Two years ago, Fernando E. Solanas came to the Tribeca Film Festival with A Social Genocide, his analysis of the role that globalization and neoliberalism played in Argentina's economic disaster. Now the great director is back with a companion film, The Dignity of the Nobodies, that takes the viewer deep into the heart of human suffering and rebellion. This exhilarating work celebrates the individual and collective reactions of normal Argentines when suddenly faced with poverty, and demonstrates how a seemingly inflexible reality can be made to bend. Solanas does not concentrate on how the poor are victimized, but rather on how they have managed to win small but telling victories. One key storyline focuses on indebted farmers in the pampas who are being forced off their ancestors' lands by foreclosure on their mortgages. Many of these farmers have committed suicide, and the climate is one of helplessness until one woman decides to disrupt the auction of her own farm by singing the national anthem. To date, more than a thousand auctions have been called off with simple tactics just like this. In Patagonia, factory workers who were laid off when their plant shut down have begun to run the place themselves. Amazingly, workers have reopened 160 factories so far. These upbeat stories are real eye-openers, and the film ends with a rousing final call to action and resistance. The Dignity of the Nobodies is essential viewing for anyone who wants to understand the human factor behind Argentina's headlines.
Director's Statement Collapse
The Dignity of the Nobodies was conceived from the social catastrophe that Argentina went through at the beginning of the 21st century, as 25% of the population became unemployed and 60% became poor or indigent. We were able to feed 300 million people, yet 100 people died every day due to hunger or curable illnesses. There were more people dead every year than there were disappeared due to state terrorism. The tragedy pushed me to preserve memory against oblivion. The younger ones wondered what had happened, and although we had reported about it many times during the 1990's, it was necessary to show images of that history and place them in their context. Thus were born Memoria del Saqueo (A Social Genocide; 2002/2004), which was an analysis of the policies of power, and La Dignidad de los Nadies (The Dignity of the Nobodies), which was built up from the accounts and stories of some of the protagonists of the social resistance. The latter is an anonymous and everyday epic of those who have always been betrayed: the impoverished middle classes, the unemployed, and the piqueteros who take to the streets to block the roads. Decades ago, a similar situation led me to conceive La Hora de los Hornos (The Hour of the Furnaces) and then Los Hijos de Fierro (The Sons of Fierro), two different films, independent from each other, about Argentina and its social struggles in those years. The discourse of the only possible choice was imposed in the 1990's through the media, instilling a culture of defeat that still persists in millions of people despite the hundreds of mobilisations that showed it was possible to defeat impunity. The spontaneous insurrection of December 19 and 20, 2001 will be one of the first victories against the global model. In The Dignity of the Nobodies some experiences are gathered through the stories of their protagonists. It was hard to imagine that the small women farmers, ignorant of banking or political affairs, would be able to organise a vigorous and original resistance movement, confronting banks and stopping over a thousand auction sales. Neighborhood or community soup kitchens, community clinics, bakeries, and other social initiatives were created by the neighbors in order to respond to poverty and hunger. Dozens of silence marches were staged by relatives of the victims of police mafias, and these managed to unmask the murderers and send them to trial. The factories were revived by their former workers, showing that under self-management and without the hierarchical structures of managers and forermen, they could produce with efficiency and quality. Upon travelling throughout the country and speaking with workers, specialists, producers, citizens, peasants, and the indigenous, the idea of making a fresco of the country kept growing. Four independent feature films have been made, all linked by the subject of Argentina: from the devastation and looting of the neoliberal model to the reconstruction and alternatives of a new project capable of recovering the rights of the violated and of truly democratising democracy.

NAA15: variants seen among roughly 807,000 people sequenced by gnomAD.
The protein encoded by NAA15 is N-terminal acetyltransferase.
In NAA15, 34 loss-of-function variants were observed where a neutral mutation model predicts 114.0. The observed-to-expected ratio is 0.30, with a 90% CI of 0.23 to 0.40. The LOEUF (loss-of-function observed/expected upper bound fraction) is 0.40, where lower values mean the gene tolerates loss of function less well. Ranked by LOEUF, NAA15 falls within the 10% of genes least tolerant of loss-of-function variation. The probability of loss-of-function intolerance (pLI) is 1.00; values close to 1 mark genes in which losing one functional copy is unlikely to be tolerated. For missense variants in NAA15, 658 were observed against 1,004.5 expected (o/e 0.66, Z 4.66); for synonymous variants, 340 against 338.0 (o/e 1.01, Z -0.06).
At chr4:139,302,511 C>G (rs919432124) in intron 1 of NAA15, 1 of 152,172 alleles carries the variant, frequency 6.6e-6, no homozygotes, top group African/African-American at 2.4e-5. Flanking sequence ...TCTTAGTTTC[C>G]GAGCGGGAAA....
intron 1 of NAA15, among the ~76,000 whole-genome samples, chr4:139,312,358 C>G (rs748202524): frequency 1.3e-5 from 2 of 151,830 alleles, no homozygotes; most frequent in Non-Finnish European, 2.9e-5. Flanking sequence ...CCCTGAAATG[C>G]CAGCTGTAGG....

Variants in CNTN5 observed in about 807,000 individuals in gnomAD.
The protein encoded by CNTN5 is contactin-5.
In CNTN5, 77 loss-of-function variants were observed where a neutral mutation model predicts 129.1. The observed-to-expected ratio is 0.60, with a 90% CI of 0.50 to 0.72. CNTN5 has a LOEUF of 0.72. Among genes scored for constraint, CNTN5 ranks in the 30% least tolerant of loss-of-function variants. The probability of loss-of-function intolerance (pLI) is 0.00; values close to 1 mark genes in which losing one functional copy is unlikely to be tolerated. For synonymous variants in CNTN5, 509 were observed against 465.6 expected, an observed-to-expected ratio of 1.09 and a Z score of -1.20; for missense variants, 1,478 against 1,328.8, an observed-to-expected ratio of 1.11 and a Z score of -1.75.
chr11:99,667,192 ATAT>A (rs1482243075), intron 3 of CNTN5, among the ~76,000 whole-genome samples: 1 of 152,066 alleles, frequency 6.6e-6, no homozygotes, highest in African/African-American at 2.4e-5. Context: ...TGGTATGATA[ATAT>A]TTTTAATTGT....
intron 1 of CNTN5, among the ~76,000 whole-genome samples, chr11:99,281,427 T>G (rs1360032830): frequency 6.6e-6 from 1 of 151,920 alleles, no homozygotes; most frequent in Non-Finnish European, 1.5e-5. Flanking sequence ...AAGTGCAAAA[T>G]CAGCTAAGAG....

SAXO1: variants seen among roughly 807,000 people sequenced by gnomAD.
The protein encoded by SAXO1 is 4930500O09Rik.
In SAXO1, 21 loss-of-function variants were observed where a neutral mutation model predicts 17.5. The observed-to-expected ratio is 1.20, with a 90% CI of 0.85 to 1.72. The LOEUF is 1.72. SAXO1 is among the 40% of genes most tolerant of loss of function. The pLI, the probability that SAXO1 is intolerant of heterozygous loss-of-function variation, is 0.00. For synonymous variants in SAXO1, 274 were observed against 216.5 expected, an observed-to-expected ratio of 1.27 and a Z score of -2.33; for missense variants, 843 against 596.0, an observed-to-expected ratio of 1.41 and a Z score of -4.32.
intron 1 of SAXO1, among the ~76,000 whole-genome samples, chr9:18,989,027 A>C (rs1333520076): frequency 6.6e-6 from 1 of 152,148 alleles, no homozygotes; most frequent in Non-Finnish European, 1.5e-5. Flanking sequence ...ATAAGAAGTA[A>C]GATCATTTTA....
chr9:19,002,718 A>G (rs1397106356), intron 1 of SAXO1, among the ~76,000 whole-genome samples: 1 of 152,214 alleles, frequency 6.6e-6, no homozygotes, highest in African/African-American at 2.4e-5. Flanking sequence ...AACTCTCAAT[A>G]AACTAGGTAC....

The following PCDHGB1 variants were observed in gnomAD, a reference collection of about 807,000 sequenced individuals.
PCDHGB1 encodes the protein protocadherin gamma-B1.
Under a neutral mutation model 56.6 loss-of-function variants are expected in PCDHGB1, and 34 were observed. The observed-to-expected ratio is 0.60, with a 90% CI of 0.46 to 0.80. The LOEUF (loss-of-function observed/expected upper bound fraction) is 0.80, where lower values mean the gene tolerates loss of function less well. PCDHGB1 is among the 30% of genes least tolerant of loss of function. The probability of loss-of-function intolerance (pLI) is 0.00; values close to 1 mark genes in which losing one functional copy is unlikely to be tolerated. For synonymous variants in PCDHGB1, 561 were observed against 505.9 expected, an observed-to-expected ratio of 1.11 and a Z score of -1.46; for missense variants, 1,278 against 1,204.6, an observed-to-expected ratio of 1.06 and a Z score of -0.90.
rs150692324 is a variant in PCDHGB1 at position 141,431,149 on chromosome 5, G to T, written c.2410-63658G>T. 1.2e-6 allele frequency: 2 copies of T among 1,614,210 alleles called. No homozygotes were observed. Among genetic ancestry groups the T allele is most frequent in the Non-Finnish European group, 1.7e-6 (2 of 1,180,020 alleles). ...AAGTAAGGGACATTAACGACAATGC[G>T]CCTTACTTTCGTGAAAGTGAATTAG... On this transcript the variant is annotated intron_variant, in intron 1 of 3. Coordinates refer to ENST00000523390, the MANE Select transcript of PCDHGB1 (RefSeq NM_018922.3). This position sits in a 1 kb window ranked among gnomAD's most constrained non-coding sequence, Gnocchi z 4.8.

About the Director(s)Collapse
Fernando E. Solanas was born in Olivos, Argentina, in 1936. In 1968, he directed La Hora de los Hornos (The Hour of the Furnaces), a three-part political documentary that had to be screened clandestinely in his own country and for which he won the Critics' Prize at that year's Pesaro Film Festival. Solanas has written widely about militant cinema. In 1975, he finished his first fiction film Los Hijos de Fierro (The Sons of Fierro) about the life of Argentine poet Martín Fierro. After the Argentine military coup in 1976, Solanas moved to Paris. His Tangos: El Exilio de Gardel (Tangos: Gardel's Exile) won awards at the Venice Film Festival, and subsequent films like Sur (South) and Memoria del Saqueo (A Social Genocide) (TFF 2004) earned him further international recognition.